What you need to know about female genital mutilation
How the harmful practice affects millions of girls worldwide
Each year, 6 February marks the International Day of Zero Tolerance for Female Genital Mutilation. The day is observed as a way to raise awareness about female genital mutilation (FGM), and to galvanize support to end the practice. Learn more about the issue below, and find out how UNICEF is working with communities and governments to help eliminate FGM worldwide.
What is female genital mutilation?
Female genital mutilation (FGM) is a procedure performed on a woman or girl to alter or injure her genitalia for non-medical reasons. It most often involves the partial or total removal of her external genitalia. In some communities, FGM may be commonly referred to as ‘female circumcision’. However this term has been criticized as it can normalize the practice by drawing parallels with male circumcision without distinguishing its serious physical and psychological harm.
Why is it practiced?
In many of the countries where female genital mutilation is performed, it is a deeply entrenched social norm rooted in gender inequality. The reasons behind the practice vary. In some cases, it is seen as a rite of passage into womanhood, while others see it as a way to suppress a woman’s sexuality. Many communities practice genital mutilation in the belief that it will ensure a girl's proper upbringing, future marriage or family honour. Some also associate it with religious beliefs, although no religious scriptures require it.
Why is it a risk for girls and women?
FGM has no health benefits and often leads to long-term medical complications, including severe pain, prolonged bleeding, infection, infertility and even death. It can also lead to increased risk of HIV transmission. Women who have undergone genital mutilation can experience complications during childbirth, including postpartum haemorrhage, stillbirth and early neonatal death. In addition to its physical risks, FGM is a violation of girls’ and women’s fundamental human rights.
How prevalent is FGM?
While the exact number of girls and women worldwide who have undergone genital mutilation remains unknown, at least 200 million girls and women aged 15–49 from 30 countries have been subjected to the practice. Of these 200 million, more than half live in just three countries: Egypt, Ethiopia and Indonesia. The practice is almost universal in Djibouti, Guinea and Somalia, where over 90 per cent of women and girls undergo some form of genital mutilation or cutting.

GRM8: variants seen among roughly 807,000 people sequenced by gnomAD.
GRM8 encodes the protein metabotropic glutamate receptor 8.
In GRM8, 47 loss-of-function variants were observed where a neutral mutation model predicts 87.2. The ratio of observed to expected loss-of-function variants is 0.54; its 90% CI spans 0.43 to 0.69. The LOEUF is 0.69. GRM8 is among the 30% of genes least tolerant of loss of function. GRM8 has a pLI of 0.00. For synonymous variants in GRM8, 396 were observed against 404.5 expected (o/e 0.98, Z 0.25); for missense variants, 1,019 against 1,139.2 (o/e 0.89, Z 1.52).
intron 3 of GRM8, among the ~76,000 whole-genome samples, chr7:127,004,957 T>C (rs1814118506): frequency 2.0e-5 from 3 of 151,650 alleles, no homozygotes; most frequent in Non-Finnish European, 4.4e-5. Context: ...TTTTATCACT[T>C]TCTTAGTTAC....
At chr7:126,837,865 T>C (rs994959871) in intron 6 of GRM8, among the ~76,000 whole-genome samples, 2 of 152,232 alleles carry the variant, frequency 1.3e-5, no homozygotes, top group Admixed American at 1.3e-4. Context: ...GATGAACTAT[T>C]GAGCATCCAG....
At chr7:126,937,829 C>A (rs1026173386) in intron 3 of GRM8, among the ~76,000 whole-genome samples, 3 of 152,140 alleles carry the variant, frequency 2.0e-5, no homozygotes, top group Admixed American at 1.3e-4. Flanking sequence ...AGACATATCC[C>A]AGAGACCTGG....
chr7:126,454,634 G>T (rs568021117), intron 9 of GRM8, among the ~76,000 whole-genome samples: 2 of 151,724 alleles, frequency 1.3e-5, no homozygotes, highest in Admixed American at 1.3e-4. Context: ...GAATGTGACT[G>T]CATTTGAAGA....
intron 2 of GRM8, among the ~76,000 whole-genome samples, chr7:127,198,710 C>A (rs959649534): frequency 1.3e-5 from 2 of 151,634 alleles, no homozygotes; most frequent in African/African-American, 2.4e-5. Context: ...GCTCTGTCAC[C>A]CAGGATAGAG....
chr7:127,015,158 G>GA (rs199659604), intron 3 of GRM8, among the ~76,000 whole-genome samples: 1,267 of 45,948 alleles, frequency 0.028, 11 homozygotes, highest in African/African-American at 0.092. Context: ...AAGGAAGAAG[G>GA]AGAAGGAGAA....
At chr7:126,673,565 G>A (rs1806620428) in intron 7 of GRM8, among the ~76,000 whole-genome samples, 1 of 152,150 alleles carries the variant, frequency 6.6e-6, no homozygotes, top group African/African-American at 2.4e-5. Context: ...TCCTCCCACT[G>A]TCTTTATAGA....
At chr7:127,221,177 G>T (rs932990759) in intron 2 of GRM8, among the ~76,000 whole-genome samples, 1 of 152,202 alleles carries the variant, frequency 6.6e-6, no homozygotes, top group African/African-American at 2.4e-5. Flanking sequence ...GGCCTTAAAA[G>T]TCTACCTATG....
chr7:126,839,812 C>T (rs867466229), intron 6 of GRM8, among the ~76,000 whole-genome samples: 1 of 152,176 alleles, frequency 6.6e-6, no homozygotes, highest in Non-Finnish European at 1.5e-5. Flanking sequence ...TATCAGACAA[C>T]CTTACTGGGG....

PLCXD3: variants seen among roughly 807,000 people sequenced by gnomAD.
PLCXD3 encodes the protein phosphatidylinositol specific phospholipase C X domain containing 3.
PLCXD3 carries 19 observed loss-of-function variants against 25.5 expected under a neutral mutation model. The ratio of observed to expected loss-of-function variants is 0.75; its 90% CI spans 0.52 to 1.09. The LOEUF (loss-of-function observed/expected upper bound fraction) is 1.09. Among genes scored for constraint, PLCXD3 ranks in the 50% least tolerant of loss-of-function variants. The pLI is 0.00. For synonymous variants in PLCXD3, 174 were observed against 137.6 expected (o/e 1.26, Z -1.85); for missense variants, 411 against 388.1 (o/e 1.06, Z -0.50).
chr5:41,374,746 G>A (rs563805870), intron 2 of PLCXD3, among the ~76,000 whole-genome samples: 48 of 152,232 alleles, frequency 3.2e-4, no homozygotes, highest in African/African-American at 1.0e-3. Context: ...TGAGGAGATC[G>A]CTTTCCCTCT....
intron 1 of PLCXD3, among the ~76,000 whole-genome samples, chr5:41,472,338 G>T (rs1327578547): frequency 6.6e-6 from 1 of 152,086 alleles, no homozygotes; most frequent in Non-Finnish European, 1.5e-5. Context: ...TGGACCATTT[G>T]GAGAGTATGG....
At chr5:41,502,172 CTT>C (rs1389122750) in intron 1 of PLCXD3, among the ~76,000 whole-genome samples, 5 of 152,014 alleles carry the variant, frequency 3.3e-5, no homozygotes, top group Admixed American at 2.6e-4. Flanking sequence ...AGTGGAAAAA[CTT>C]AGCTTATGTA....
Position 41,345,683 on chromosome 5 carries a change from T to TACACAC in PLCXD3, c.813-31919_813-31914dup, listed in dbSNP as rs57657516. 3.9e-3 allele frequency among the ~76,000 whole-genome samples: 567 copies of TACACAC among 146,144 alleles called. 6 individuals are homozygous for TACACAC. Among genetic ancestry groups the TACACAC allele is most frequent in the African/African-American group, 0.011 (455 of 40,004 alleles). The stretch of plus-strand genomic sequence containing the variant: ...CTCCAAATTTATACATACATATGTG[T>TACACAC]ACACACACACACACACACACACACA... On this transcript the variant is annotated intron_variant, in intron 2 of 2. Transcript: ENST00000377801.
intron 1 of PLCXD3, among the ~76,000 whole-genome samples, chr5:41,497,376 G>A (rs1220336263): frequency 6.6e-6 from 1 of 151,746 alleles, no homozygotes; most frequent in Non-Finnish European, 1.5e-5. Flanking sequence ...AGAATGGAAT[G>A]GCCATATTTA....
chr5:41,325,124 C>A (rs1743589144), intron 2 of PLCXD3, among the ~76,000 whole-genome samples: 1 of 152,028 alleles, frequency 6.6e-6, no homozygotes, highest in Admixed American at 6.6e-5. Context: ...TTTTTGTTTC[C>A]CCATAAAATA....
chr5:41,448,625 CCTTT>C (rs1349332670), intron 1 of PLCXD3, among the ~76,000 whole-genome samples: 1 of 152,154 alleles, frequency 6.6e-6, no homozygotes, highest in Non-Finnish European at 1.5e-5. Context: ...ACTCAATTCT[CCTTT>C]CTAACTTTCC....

Unless action to end female genital mutilation is accelerated now, another 68 million girls will have been cut by 2030.
“I can remember everything, every little detail about that day, those moments. It’s all still in my head, where it happened, who held me down, the balcony above me. And how it was all masked by a party with gifts and music.”
How is the practice evolving?
In several countries, qualified medical practitioners now play a significant role in performing FGM. More than 20 million women and girls in just seven countries (Egypt, Sudan, Guinea, Djibouti, Kenya, Yemen and Nigeria) have undergone female genital mutilation by a health care provider. Medicalizing the practice does not make it safer, as it still removes and damages healthy and normal tissue and interferes with the natural functions of girls’ and women’s bodies.
In many communities, the practice has been driven underground rather than ended, leading to girls being subjected to cutting at younger ages amidst greater secrecy.
What is UNICEF doing to stop it?
Ending female genital mutilation takes work at many levels, including action by families and communities, protection and care services for girls and women, laws, and political commitment at the local, regional, national and international levels.
UNICEF and the United Nations Population Fund (UNFPA) jointly lead the largest global programme to end FGM. The programme supports zero tolerance laws and policies, while working with health workers to both eliminate genital mutilation and provide care to women and girls who have undergone the procedure. Recent data show that in countries where it is prevalent, the majority of men and women oppose the practice, but they often keep these beliefs hidden for fear of being rejected by their communities. To help reshape these perceptions, the UNICEF-UNFPA programme works with communities to openly discuss and voice support for ending FGM.
What has been UNICEF's impact?
Since the UNICEF/UNFPA Joint Programme was established in 2008, 13 countries have passed national legislation banning FGM. The programme also provided access to prevention, protection and treatment services for more than 3.3 million girls and women. As a result of a community-led engagement, more than 34.6 million people in over 21,700 communities made public declarations against FGM.
Over the past three decades, there has been an overall decline in the prevalence in female genital mutilation – and momentum is growing. With our continued action, we can work together to end FGM by 2030.